Schedule Integration: Integrate schedule information with other project management tools and systems, such as project management software, resource management systems, and document management platforms, to facilitate seamless communication and collaboration among project stakeholders.
Risk Management: Identify schedule-related risks and uncertainties, assess their potential impact on project outcomes, and develop contingency plans, mitigation strategies, or alternative scenarios to address and mitigate schedule risks.
Stakeholder Communication: Communicate schedule updates, changes, and status reports to project stakeholders, including project managers, team members, clients, and senior leadership, to ensure transparency, alignment, and informed decision-making.

An estimator is a professional responsible for assessing the costs associated with a project or undertaking. They analyse project requirements, specifications, and scope to determine the resources, materials, labour, and other expenses needed to complete the project within budget.

Key Responsibilities of an Estimator

Cost Estimation: Analyse project requirements, plans, and specifications to estimate the costs of materials, labour, equipment, subcontractors, and other resources needed for project execution.
Quantity Take-off: Perform quantity take-offs and measurements from construction drawings, blueprints, or specifications to quantify the amount of materials, components, or work items required for the project.
Vendor and Supplier Coordination: Obtain quotes, bids, and pricing from vendors, suppliers, and subcontractors for materials, equipment, and services, and negotiate pricing and terms to ensure competitive and cost-effective procurement.
Cost Analysis: Analyse cost data, historical records, and industry benchmarks to validate cost estimates, identify cost drivers, and assess potential cost savings or cost overruns for different project scenarios.
Budget Development: Assist in the development of project budgets and cost plans, providing accurate and reliable cost estimates to support project planning, resource allocation, and budgeting decisions.
Risk Assessment: Identify and assess potential risks, uncertainties, and contingencies that may impact project costs, schedule, or performance, and develop mitigation strategies or allowances to account for these risks in the cost estimate.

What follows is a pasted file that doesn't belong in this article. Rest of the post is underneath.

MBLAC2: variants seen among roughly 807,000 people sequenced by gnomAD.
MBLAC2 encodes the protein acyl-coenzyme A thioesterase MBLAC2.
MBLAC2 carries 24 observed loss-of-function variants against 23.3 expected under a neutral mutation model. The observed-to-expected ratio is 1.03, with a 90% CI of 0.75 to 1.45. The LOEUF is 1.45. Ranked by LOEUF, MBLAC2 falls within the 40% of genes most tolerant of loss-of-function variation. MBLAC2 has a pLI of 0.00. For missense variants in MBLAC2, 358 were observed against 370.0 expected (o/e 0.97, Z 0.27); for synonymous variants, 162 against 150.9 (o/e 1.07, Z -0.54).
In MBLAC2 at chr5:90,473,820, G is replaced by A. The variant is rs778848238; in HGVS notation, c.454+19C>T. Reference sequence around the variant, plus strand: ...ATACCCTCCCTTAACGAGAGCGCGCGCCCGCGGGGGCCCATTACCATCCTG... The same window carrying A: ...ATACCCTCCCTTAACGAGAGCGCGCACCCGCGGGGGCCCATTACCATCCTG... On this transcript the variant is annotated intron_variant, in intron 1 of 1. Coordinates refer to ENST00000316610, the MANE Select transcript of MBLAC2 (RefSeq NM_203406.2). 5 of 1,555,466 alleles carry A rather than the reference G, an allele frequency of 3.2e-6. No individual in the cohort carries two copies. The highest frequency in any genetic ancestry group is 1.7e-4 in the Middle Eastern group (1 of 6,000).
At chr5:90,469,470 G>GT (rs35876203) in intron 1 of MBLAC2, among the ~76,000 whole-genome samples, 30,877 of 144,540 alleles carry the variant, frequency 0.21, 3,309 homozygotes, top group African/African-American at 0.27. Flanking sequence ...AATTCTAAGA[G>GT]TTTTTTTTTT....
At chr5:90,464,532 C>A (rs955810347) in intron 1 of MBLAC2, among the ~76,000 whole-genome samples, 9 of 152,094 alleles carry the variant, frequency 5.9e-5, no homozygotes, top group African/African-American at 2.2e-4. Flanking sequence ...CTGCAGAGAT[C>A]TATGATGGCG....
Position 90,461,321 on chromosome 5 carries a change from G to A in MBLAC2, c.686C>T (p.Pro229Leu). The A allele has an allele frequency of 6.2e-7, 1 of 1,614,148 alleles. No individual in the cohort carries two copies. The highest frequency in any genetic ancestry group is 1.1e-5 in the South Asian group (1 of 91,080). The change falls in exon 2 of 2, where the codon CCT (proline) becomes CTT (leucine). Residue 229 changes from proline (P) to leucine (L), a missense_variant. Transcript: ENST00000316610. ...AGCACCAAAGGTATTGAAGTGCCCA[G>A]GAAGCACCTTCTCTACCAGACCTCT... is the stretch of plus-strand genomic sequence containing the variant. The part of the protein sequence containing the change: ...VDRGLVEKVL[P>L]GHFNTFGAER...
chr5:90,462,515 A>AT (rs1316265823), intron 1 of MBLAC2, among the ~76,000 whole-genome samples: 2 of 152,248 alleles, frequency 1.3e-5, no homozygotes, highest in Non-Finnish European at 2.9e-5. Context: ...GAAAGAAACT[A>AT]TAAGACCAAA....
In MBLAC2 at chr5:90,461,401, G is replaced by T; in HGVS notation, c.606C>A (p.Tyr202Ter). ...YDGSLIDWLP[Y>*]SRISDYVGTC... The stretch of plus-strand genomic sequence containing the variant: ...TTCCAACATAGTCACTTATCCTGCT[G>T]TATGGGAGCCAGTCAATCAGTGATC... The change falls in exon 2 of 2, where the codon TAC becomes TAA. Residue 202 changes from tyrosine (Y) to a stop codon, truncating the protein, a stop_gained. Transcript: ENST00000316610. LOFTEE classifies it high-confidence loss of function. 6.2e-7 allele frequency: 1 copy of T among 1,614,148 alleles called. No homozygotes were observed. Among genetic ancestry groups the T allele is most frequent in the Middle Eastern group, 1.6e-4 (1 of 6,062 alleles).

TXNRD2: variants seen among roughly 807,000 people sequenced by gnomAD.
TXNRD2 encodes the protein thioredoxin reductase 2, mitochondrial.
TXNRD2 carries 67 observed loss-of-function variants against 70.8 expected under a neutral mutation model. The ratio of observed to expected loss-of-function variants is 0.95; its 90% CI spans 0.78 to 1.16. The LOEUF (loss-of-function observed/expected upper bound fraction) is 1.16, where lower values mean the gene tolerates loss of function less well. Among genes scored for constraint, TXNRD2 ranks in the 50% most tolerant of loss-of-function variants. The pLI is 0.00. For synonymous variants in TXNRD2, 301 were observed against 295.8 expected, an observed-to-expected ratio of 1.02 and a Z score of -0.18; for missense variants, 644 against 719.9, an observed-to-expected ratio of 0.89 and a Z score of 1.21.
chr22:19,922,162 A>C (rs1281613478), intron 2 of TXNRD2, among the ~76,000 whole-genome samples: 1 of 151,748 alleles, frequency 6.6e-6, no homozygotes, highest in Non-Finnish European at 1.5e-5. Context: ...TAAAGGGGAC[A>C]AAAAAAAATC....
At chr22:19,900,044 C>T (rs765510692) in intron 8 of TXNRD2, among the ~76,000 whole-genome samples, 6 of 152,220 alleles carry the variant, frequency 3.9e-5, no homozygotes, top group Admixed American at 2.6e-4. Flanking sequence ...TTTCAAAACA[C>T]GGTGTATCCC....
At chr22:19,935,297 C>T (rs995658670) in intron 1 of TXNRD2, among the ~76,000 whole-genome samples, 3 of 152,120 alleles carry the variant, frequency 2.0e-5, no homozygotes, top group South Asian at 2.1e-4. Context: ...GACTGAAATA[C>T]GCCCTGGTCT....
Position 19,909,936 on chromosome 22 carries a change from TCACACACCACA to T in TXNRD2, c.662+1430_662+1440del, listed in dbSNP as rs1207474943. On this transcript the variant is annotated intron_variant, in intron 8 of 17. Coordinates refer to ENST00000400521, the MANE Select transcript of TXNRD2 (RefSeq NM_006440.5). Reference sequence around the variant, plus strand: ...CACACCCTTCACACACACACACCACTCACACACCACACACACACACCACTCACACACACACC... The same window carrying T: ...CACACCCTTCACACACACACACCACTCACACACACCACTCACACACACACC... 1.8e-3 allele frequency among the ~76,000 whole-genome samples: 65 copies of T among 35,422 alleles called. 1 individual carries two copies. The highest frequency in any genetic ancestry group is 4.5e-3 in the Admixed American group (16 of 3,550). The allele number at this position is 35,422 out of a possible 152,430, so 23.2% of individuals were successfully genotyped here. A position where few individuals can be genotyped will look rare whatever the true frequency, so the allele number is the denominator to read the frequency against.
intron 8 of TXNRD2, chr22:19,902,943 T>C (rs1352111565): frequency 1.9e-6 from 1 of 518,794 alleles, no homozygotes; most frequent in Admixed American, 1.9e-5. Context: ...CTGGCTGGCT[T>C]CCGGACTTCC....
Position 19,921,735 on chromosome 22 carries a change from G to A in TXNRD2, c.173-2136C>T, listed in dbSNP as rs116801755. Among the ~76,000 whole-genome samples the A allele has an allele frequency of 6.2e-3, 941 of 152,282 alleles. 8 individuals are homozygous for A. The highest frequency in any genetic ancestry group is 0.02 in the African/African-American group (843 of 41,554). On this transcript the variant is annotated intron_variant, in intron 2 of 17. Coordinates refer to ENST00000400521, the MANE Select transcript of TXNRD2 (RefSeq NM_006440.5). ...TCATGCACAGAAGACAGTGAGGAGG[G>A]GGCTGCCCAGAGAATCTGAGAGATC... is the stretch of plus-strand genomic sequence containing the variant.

Value Engineering: Collaborate with project teams to explore value engineering opportunities, alternative materials, construction methods, or design changes that can optimize project costs without compromising quality or functionality.
Cost Reporting: Prepare and present cost estimates, reports, and analyses to project stakeholders, including project managers, clients, and senior leadership, to communicate project costs, risks, and budget implications effectively.
Continuous Improvement: Stay informed about industry trends, market conditions, and best practices in cost estimating and construction management, and seek opportunities to improve estimating processes, methodologies, and accuracy.

A Resource Manager is a professional responsible for overseeing the allocation, utilization, and management of resources within an organization or project. They play a crucial role in optimizing resource allocation, ensuring that the right resources are available at the right time to support project objectives and organizational goals.

Key Responsibilities of a Resource Manager

Resource Planning: Collaborate with project managers, department heads, and other stakeholders to forecast resource requirements, identify resource constraints, and develop resource allocation plans to support project schedules and objectives.